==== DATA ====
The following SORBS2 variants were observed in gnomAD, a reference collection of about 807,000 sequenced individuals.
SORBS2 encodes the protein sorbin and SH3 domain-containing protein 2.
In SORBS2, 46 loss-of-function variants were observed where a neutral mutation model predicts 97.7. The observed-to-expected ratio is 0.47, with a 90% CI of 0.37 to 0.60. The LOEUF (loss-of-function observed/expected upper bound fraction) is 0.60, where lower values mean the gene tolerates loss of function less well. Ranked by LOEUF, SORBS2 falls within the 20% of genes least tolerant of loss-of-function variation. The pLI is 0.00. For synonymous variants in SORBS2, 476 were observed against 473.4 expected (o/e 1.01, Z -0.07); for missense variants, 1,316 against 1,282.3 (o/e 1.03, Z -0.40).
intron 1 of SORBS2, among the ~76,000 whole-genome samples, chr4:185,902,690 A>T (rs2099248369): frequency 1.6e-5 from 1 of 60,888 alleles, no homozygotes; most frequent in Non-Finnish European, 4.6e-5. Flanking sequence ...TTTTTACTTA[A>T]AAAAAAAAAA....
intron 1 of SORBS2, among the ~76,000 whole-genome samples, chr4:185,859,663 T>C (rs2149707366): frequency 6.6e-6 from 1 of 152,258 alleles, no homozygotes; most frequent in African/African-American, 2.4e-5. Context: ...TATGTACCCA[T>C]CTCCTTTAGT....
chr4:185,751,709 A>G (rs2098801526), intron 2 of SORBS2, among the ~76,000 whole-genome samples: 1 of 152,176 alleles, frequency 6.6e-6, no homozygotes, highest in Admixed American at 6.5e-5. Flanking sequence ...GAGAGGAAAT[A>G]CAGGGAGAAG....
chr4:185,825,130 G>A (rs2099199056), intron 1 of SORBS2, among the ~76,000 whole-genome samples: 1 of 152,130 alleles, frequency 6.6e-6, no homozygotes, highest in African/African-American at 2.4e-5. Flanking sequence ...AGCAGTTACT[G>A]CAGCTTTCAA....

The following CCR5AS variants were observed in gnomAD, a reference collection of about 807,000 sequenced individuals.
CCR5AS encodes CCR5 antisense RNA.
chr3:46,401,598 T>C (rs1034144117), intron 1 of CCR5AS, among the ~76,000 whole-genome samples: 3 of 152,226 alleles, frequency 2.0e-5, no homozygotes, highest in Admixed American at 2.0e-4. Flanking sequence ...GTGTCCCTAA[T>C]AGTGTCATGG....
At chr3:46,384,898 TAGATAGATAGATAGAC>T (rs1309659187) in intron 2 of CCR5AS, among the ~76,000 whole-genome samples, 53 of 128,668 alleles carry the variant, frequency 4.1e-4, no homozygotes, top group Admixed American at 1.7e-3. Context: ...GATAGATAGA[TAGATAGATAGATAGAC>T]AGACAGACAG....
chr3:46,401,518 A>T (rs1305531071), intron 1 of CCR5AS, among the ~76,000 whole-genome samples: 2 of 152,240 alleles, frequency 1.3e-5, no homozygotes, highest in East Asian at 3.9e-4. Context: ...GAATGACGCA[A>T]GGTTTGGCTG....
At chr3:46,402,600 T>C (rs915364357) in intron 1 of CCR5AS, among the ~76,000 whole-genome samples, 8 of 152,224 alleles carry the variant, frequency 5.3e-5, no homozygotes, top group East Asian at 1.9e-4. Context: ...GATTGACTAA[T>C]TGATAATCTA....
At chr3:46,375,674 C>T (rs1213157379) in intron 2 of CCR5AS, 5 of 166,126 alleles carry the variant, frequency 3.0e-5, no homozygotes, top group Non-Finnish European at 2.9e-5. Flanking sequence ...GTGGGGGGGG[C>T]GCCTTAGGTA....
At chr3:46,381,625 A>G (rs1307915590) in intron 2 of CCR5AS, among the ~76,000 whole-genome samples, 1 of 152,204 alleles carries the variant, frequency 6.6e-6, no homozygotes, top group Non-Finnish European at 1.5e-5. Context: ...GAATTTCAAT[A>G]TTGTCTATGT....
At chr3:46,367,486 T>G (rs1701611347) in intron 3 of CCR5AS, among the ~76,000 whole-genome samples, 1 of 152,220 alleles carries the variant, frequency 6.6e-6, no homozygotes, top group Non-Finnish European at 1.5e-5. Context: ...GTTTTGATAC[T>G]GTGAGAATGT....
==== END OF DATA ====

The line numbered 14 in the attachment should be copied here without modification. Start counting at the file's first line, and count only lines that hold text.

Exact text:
At chr3:46,375,674 C>T (rs1213157379) in intron 2 of CCR5AS, 5 of 166,126 alleles carry the variant, frequency 3.0e-5, no homozygotes, top group Non-Finnish European at 2.9e-5. Flanking sequence ...GTGGGGGGGG[C>T]GCCTTAGGTA....